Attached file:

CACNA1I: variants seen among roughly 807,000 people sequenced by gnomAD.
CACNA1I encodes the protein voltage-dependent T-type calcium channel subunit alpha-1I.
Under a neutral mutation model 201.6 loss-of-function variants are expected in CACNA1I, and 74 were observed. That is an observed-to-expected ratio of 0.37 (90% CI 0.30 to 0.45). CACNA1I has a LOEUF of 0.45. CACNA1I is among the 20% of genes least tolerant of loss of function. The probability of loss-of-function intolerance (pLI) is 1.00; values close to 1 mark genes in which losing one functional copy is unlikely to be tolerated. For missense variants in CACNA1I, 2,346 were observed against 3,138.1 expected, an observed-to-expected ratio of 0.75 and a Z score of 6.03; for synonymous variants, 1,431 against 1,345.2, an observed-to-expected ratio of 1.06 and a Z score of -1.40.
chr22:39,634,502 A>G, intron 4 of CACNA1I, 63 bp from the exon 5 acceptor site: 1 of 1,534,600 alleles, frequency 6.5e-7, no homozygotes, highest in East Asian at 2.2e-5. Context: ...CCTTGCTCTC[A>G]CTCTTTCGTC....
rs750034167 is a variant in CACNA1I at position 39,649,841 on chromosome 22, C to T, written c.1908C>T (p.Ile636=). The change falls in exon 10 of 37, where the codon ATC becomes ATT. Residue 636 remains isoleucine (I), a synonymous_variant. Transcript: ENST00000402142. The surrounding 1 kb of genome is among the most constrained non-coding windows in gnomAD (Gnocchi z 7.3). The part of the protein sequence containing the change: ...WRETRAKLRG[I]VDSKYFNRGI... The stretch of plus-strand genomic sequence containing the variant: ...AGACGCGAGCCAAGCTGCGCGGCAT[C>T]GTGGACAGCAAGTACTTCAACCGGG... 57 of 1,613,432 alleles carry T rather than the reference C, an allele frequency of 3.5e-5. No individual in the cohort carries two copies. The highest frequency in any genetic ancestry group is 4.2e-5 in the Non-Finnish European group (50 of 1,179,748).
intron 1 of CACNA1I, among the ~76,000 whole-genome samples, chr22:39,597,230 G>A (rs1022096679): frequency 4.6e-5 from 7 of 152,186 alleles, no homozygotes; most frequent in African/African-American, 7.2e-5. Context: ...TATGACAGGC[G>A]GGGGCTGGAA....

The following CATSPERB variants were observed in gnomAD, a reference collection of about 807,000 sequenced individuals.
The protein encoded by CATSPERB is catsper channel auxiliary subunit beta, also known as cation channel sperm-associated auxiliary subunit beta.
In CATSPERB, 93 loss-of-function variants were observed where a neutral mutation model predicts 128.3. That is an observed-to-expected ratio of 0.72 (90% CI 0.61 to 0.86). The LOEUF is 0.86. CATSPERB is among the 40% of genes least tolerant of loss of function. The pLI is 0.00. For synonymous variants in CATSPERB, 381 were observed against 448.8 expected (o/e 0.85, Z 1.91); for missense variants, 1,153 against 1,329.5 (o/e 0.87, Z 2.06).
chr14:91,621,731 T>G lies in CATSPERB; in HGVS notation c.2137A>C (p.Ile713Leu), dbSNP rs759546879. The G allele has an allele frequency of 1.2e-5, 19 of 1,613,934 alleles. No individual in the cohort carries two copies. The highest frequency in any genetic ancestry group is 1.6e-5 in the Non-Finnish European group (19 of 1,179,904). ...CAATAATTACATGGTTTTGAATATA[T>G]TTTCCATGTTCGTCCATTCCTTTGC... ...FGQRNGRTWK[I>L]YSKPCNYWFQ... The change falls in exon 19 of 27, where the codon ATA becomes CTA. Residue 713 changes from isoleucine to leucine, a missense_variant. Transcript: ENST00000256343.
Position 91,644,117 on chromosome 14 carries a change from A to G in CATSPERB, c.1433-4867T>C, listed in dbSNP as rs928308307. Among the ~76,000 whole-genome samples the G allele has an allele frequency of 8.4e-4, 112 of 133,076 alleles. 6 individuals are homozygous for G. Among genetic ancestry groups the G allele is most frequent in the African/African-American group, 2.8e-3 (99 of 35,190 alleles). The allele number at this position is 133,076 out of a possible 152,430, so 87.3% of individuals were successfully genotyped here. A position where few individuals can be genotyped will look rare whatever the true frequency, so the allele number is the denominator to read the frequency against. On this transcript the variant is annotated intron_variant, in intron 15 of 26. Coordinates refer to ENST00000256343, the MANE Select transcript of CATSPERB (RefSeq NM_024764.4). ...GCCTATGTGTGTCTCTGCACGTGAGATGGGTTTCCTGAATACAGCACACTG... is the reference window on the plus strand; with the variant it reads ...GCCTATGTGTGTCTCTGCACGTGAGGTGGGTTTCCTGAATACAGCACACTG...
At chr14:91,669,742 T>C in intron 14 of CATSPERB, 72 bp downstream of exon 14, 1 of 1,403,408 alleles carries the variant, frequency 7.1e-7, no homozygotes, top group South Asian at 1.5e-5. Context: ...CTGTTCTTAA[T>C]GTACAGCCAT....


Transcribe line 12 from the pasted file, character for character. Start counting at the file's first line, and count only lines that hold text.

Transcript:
At chr14:91,669,742 T>C in intron 14 of CATSPERB, 72 bp downstream of exon 14, 1 of 1,403,408 alleles carries the variant, frequency 7.1e-7, no homozygotes, top group South Asian at 1.5e-5. Context: ...CTGTTCTTAA[T>C]GTACAGCCAT....